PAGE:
Tube Amps / Music Electronics
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|3/2/2000 9:30 PM|
I see you are correct. I (mis)interpreted the word "were" in your question for "wire", thinking it was just a misspelled word (easy for all us non-secretarial types to do on a keyboard). I guesss I was speed reading!
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|3/2/2000 11:07 PM|
No problem! Happens to the best of us!
|2/29/2000 12:05 AM|
To start stainlees steel (magnetic type still looking for this) and ceramic magnets. Stainless has some of the same alloys as ALNICO
|2/29/2000 3:58 PM|
Are you thinking of a solid bar magnet or individual pole pieces, one for each string? I came across this link while surfing:
Click on "Industrial Magnets" and you see that they sell Alnico rods. According to this page:
Magnet Source will sell 3/16" Alnico Rods in 1/2"- 5/8" and 3/4" lengths.
|2/29/2000 6:12 PM|
||Re: Magnets and wire|
Thanks for the links for the magnet sources. I like to make my own pickups, but the hardest part has almost always been finding the polepieces. Generally, I try to cannibalize polepieces from pickups that have been trashed. About two years ago, someone at a repair shop let me rummage in their garbage basket and I salvaged about 15 PU's worth of usable parts. Still, there is much to be said about tinkering with pickups that might attempt something a wee bit different, so it's nice to know there are places where these kinds of materials can be gotten.
WIRE: If you are just starting out winding your own coils, I would cast my vote for wire that can be chemically stripped. by simply dipping and wiping. The stuff that has to be scraped off is a bugger to do, and if you are new to the game you will invariably have LOTS of splices in your coils. These don't present a huge problem tonewise(I made a killer pickup for a buddy's Tele that had over 50 splices...rough day), but if the wire does not strip easily, the process can be...well...trying. As an aside, I find that pinching the free end of the wire between #600 grit emery paper, and gently pulling, is a sometimes effective way of getting insulation off without knife scraping.
So, formvar it is. I wouldn't really worry that much about the diameter of the insulation or the consistency of the diameter. Particularly if you don't have a high speed mechanical winder. Chances are that you'll have more difficulty coming from smooth rotation of the coil bobbin when winding than you'll have from the wire.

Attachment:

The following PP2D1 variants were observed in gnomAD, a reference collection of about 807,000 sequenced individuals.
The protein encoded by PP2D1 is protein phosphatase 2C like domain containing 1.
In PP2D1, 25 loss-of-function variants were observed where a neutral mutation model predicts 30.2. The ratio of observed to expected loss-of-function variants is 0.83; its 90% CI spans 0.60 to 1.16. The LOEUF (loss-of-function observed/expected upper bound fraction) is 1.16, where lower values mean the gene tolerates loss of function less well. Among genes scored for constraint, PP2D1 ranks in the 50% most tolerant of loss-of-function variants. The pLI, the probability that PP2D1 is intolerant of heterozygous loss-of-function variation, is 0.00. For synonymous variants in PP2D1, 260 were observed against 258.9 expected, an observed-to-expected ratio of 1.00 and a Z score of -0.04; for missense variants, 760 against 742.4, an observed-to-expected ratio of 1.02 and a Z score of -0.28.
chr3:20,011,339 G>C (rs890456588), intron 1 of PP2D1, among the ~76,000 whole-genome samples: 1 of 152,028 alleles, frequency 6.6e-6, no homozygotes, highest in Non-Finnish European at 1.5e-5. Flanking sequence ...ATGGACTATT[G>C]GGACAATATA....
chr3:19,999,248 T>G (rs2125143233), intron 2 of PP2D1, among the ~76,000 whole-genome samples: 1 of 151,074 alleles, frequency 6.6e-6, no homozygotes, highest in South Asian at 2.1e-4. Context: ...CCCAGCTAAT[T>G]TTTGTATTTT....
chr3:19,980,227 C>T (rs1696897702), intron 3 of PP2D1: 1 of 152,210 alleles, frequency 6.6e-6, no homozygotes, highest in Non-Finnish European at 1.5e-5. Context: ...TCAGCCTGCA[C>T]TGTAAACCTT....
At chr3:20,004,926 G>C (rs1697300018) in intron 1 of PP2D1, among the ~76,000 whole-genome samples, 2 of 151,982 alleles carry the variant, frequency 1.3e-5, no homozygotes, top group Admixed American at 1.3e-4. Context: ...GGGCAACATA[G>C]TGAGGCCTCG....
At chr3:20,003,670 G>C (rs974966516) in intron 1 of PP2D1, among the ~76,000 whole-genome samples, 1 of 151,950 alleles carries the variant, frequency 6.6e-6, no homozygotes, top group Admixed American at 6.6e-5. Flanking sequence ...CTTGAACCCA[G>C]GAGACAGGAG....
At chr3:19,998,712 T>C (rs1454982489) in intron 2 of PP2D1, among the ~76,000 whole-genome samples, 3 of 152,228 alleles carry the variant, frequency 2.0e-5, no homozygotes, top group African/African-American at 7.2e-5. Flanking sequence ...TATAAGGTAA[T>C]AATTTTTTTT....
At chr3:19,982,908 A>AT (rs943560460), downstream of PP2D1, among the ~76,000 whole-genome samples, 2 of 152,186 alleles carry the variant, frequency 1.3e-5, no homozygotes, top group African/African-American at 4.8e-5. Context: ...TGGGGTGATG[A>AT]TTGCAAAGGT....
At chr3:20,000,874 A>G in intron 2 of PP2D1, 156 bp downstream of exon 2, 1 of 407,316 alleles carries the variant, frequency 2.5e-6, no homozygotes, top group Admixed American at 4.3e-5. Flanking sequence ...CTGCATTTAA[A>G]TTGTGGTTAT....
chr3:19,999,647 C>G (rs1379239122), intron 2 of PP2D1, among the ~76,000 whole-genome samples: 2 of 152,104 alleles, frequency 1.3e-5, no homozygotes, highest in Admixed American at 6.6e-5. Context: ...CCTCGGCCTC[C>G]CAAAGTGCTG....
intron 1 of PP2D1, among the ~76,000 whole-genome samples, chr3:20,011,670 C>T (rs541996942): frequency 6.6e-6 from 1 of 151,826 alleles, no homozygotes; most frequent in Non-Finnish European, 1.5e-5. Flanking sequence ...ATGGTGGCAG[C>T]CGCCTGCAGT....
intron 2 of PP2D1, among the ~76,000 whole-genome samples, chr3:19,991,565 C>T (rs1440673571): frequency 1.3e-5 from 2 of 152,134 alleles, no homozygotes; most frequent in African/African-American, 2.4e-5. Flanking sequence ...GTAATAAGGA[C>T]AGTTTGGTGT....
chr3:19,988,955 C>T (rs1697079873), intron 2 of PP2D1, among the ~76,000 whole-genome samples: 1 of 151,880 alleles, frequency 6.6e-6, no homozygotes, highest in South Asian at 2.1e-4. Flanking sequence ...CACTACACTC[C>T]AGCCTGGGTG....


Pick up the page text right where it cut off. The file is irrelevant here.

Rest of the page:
Finally, if you are winding Fender-style coils, with the wire wound directly around the polepieces, consider first putting a layer of teflon tape (available at all major hardware outware outlets) around the polepieces before you start winding the coil. You never know, you just might wind yourself an irreproducible keeper, and it would be a shame to lose it 5 years from now due to polepiece corrosion. The tape will keep the polepieces physically separated from the wire by an inert layer that is thin enough to have no real impact on coil size or any other properties. After you finish winding it, the same teflon tape is terrific for a non-adhesive (hence nondestructive) outside finishing layer underneath the adhesive-backed tape.
If you are new to this, the rewards of winding your own pickups are great. Once you get a roll of wire, a bunch of polepieces, and a winding jig, you can crank em out like sausages. The nice thing is that they become cheap enough that you don't mind screwing around with novel characteristics...after all, there are still about 80 PU's worth of wire still on the roll!
|2/29/2000 7:40 PM|
other fun sites http://www.lindsaybks.com/bks/magneto/index.html
I called MWS and they were very nice to deal with.
|3/2/2000 7:30 PM|
What woudl be the best characteristics to put into a PU that when you turn down the volume control, you don't lose all the high end, also, what makes a pickup clearer sounding than others? i there a magical formula?
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